HOME
Rajani’s Vision for Lanka – IV

Dr. Rajani Thiranagama

"Within this tragic history there is still an attempt by concerned people to think coherently of the future. There are debates going on as to the correct path for survival, organisation and possible breakthroughs. There is, especially in the North, a limited attempt at organising at the grass-roots level, so as to handle the repressive situation and violence from all sides.

If the rulers do not trust the people, especially the Tamils, and try to impose their control, not only will they fail, but will also keep divisionary politics alive. If the Government could initiate a broader process in which all communities could reevaluate their past and work out a political arrangement which would allow the different communities political and cultural space to participate as equals in decision making, then there would be hope. If the country is to become great, it must be ruled by a broad democratic consensus. A country represented by a royal president and his hangers on would remain conflict-prone, weak and a tragic laughing stock among nations.

At this point the Tamils who have been browbeaten by decades of war need political space to manage affairs of their reconstruction and to overcome or expiate the legacies of state violence and fascist control. It would only be then that they could work with other communities without fear. We end with quotations from the Post Script to the Broken Palmyra written by Rajani in 1989 (Vol.II, Ch.9) and ‘Laying Aside Illusions’ (Appendix IV), a statement by 50 teachers of the University of Jaffna in 1988, where Rajani’s contribution comes through clearly. These give insights into Rajani’s thinking and, sadly, reveal the country’s propensity to forget the past and arrive back where we began twenty years ago, with everything in place for reenactment:

"If our earlier account had appeared to be ‘plugging a line’, as some would want to put it, it was because it was important for us to arrive at a synthesis in analysis, seek an understanding, find spaces to organise, and revitalise a community that was sinking into a state of resignation. Objectivity was not solely an academic exercise for us. Objectivity, the pursuit of truth and the propagation of critical and honest positions, was crucial for the community. But they could also cost many of us our lives. Any involvement with them was undertaken only as a survival task…

"Within this tragic history there is still an attempt by concerned people to think coherently of the future. There are debates going on as to the correct path for survival, organisation and possible breakthroughs. There is, especially in the North, a limited attempt at organising at the grass-roots level, so as to handle the repressive situation and violence from all sides. These are very small beginnings indeed…For the people, any solution to the brutal and intense violence has to come from within the communities and cannot be imposed from outside. The development of these internal structures is a long and arduous task, a process which is only just beginning to be comprehended."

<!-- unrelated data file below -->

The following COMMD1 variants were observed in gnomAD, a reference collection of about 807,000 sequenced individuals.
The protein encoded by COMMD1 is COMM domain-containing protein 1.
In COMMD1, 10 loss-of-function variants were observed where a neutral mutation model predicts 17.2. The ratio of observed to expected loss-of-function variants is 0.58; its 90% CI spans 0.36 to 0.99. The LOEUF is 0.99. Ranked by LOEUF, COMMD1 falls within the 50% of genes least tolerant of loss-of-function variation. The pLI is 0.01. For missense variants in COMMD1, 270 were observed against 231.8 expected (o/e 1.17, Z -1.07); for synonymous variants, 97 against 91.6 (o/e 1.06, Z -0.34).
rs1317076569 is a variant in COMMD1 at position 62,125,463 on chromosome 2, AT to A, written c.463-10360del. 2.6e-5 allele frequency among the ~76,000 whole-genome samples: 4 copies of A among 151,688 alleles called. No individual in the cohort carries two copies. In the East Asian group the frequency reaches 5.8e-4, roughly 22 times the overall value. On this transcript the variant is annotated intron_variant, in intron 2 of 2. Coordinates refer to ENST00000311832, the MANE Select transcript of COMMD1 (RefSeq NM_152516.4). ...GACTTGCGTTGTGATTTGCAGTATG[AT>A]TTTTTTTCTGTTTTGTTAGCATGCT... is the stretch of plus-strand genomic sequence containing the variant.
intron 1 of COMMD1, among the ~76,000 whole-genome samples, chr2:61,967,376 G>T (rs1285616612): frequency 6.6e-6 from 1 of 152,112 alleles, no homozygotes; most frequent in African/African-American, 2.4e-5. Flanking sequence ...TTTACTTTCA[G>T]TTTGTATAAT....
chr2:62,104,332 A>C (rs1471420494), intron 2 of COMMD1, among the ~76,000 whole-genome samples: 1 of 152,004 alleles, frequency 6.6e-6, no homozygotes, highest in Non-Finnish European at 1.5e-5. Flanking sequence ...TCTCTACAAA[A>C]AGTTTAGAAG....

Finally we quote from ‘Laying aside Illusions’, which emphasises democratic organisation and a collective response:

"Our obeisance to terror within the community, and our opportunism and lack of principles in the face of many internal killings, have made it easy for external forces to use the same weapons to control us…Thus if the people are to regain their lost self-will and dignity, they will have to move towards a principled collective response. We have to assert universal values to which we are both emotionally and intellectually committed.

It is the lack of such commitment that enabled us to come to terms with murder, when it concerned others’ sons, and then, watch helplessly in panic when the cancer, allowed to grow, threatened our own sons. We are now paying the price for our past indifference…

"As individuals or small groups in our neighbourhoods, places of work, unions or associations, we must question our past, understand where we went wrong, and rediscover our principles. We must be conscious of the message of past experience, that in standing up for others we also stand up for ourselves. This course requires courage; and, no other is open to us. We have tried to play safe in the past.

The result was mass murder from several sources. Non-combatant civilians too became unarmed front-line troops facing the wrath of advancing armies. The future looks even more bleak, with the rapid growth and consolidation in southern Sri Lanka of forces of narrow political vision. This opens the door for further involvement by external forces.

Let us not remain forever unprepared and continue trapped in the logic of passivity - hoping against hope that someone else will bring us deliverance."

(Concluded)

Google
www island.lk


Copyright©Upali Newspapers Limited.


Hosted by

 

Upali Newspapers Limited, 223, Bloemendhal Road, Colombo 13, Sri Lanka, Tel +940112497500